The Bullet Trick is a story of darkness and night, where depravity lurks in the theatres of London and on the pavements of Glasgow and Berlin, the gloomy streets filled with danger and menace. In this world of drunks and harlots, striptease artists and small-time crooks, petty criminals and corrupt cops, author Louise Welsh takes us on a journey, bringing to life the sordid underbelly of cabaret culture where loyalty and betrayal go hand in hand.
Her chief protagonist is the cynical Scotsman William Wilson, a down on his luck conjurer, mentalist and illusionist. William is used to life's hard knocks and is currently mired in gambling debts, he has a fondess for heavy drinking, and as we meet him, he is just trying to scrape together enough money to survive in his home town of Glasgow where he's living in a dumpy, ramshakle studio flat near the center of the city.
William seems intent to drink himself to death, favoring pubs with no mission other than to "empty your pockets, fill you full of bile and kick you into the street at closing time." But it is in London toiling through the British comedy circuit - "the warm up for a whole trough of comedians and standups" - where William finds himself doing a magic act in a Soho Night Club owned and operated by petty criminal Bill Noon and his young boyfriend Sam.
Forced by Bill to buy an unfunny string of smutty schoolboy jokes, "that no one finds funny but everyone laughs at," William performs for a macho police crowd celebrating the retirement of Chief Inspector Montgomery, a cop with shady past. Bill would like nothing better than to know what Inspector Mongomery has on his dad. The Chief had also promised to tell Bill the truth about his mother Gloria, gone missing back in 1970, her fate never disovered, although the obvious conclusion is that she is probably dead.
Bill gets William to pick-pocket the Inspector, hoping that an envelope he has in his possession will perhaps hold the key to unlocking the mystery of what really happened to Bill's parents. Suddenly, however, William finds himself stuck with the goods. While Montgomery stands just beyond the door of Bill's office, Sam thrusts the envelope into his hand and William eventually discovers that this vital document - which on a whim he posts to his mother in Scotland - is in fact, going to vastly affect his life, becoming both his insurance and perhaps even the bait to his eventual downfall.
When William's chain-smoking manager Rich offers him a job working as an illusionist at the Schall und Rauch, a rundown theatre in Berlin, William jumps at the offer. And it his here that he meets Sylvie, an American exotic dancer who also becomes his muse and partner in crime, and her friend and father-figure Dix, who is also up to his eyeballs in debt. Both Dix and Sylive ensare William in an implacable web of events that reach far beyond his control.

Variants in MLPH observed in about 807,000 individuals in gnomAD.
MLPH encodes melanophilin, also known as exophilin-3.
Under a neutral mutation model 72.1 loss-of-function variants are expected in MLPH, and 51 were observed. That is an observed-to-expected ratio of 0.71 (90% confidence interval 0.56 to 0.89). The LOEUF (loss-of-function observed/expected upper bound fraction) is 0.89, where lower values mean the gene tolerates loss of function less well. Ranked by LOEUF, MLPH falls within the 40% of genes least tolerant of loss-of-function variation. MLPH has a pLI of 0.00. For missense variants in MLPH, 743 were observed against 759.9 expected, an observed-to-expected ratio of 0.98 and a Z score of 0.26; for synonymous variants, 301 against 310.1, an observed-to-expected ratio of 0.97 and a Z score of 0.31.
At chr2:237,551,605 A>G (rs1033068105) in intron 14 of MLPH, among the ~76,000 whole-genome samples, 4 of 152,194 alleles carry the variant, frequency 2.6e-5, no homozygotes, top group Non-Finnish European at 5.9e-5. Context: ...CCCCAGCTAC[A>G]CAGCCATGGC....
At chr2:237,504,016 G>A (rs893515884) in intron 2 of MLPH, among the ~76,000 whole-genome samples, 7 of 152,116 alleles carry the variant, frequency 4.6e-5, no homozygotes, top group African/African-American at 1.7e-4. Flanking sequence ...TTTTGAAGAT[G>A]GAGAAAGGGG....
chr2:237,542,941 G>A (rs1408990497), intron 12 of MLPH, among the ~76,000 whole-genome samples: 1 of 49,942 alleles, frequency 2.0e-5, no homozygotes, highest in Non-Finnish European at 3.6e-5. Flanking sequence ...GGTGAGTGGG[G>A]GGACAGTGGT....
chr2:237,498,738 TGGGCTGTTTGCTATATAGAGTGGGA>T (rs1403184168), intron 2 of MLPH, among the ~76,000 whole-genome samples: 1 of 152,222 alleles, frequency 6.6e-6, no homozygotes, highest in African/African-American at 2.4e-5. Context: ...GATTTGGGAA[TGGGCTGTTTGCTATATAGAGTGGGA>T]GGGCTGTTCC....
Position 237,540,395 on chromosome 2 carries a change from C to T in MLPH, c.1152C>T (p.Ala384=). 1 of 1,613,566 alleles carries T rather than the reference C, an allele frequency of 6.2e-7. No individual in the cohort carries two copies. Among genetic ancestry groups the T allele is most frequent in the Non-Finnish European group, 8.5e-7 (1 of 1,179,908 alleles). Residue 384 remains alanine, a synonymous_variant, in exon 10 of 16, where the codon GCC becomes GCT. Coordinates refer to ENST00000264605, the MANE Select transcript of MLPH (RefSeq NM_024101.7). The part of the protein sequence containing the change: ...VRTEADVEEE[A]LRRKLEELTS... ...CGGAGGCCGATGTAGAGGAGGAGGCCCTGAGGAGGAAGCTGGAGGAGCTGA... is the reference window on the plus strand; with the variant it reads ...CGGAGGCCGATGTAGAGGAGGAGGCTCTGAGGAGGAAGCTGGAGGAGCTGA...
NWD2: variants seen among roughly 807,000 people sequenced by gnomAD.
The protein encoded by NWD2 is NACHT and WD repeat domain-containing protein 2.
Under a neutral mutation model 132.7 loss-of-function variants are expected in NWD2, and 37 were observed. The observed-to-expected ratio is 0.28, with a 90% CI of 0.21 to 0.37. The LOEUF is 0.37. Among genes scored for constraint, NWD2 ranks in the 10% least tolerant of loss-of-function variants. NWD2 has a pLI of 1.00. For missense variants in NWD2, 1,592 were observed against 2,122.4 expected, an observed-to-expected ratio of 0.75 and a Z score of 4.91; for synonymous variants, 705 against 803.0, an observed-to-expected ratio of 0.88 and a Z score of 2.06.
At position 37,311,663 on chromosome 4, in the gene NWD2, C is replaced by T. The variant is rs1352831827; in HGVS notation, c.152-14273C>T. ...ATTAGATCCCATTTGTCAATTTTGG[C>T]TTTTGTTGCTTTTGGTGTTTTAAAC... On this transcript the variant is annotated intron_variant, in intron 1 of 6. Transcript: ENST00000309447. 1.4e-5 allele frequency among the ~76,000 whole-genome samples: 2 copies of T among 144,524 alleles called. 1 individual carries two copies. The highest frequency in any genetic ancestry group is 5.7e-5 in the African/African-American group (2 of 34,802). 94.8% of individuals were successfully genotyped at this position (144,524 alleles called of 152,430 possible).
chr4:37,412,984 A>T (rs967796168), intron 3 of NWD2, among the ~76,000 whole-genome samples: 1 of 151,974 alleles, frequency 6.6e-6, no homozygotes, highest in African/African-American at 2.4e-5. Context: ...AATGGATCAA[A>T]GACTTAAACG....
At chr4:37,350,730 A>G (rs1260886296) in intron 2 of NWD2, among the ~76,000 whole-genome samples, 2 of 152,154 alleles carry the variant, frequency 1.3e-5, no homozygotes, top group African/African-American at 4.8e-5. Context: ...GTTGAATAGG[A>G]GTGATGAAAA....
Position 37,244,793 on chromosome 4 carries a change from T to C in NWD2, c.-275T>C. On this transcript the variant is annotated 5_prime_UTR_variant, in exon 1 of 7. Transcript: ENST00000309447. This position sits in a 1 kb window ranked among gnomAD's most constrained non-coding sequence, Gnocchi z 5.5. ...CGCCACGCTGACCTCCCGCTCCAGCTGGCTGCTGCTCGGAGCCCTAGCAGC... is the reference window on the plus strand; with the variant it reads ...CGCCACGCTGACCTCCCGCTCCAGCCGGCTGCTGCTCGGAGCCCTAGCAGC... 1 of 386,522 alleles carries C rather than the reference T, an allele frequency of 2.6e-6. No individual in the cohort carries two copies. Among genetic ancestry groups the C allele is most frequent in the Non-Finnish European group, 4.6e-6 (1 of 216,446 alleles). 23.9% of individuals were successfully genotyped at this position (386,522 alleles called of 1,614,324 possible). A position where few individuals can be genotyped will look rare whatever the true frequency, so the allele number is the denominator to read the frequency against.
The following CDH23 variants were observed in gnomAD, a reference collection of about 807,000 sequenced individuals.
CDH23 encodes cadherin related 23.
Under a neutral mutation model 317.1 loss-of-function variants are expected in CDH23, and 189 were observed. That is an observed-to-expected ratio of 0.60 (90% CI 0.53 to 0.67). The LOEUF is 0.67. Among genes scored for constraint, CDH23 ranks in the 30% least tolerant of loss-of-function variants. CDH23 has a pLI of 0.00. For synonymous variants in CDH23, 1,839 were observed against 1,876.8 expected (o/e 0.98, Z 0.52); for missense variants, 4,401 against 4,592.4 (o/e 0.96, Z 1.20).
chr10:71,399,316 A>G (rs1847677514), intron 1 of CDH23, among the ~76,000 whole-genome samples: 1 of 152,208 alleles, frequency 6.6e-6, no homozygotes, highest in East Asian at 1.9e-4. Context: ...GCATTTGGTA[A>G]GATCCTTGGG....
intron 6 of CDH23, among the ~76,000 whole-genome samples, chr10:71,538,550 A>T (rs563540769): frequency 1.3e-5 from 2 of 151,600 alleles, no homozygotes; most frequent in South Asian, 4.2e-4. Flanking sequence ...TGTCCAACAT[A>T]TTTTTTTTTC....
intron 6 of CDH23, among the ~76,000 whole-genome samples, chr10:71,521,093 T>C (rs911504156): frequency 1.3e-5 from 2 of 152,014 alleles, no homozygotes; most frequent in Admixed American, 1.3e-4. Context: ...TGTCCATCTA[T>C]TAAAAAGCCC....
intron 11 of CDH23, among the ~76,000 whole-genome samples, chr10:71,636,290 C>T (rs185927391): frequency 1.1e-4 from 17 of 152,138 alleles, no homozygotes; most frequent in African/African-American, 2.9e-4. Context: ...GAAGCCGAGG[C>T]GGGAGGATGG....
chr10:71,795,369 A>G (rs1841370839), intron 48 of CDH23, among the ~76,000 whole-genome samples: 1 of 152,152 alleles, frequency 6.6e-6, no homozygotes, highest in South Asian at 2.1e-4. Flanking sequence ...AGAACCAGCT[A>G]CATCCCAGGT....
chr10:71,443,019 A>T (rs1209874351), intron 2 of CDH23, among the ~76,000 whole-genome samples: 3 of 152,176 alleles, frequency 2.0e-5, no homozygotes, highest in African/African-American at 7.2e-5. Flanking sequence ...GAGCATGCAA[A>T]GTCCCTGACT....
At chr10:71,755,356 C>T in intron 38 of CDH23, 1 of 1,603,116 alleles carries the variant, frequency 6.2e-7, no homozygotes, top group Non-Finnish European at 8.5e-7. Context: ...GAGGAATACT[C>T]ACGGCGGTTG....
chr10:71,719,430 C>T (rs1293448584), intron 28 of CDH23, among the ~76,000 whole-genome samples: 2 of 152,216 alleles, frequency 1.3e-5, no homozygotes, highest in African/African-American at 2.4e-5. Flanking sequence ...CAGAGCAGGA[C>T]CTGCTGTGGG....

Meanwhile, Montgomery is out there somewhere, eager to get his hands on the evidence that might damn him. Montgomery eventually follows William to Berlin where the contents of the envelope become responsible for everything horrible that happens to William. William thinks he has ended up committing an act murder, which Montgomoery somehow knows about - just as William knows of his crime. And as the time of reckoning comes, the policeman and the magician square off and find out just how far both are willing to go.
In flashes of the past and a reflective present, William reveals he's a man with a mission. He's the "Prince of Illusion" that has aged into a thirty-three-year-old trickster, "standing before dead-eyed hotel mirrors murmuring the patter beneath his breath." Yet William is still a man who is hungry for applause as he is a master to any deception.
As he schemes and worries, composing new ruses, William guides the audience, forcing them - and us - to glance away from the stage at exactly the right moment. In Sylvie, William recognizes another lonely soul, a kindred spirit thrust into a harsh environment and both are drawn together into a quagmire of moral uncertainty that is inextricably linked to the subculture of strip bars and nightclub acts where the bullet trick, the death-defying illusion destined for their grand finale, is made all too real.
Welsh excels in describing these amoral characters who exist on the fringes of society, often marginalized with no prospects and with very little to lose, and where cheap sex, lots of drugs and violence are part of their lives. Amongst the the hazy disco lights, the cigarette smoke that shelves the air, the rooms that smell of alcohol, testosterone and sweat, here are the policemen, conmen, bent businessmen, strippers and even the illusionists, all too ready to form uneasy alliences where one hand inevitably washes over the other. Mike Leonard October 06.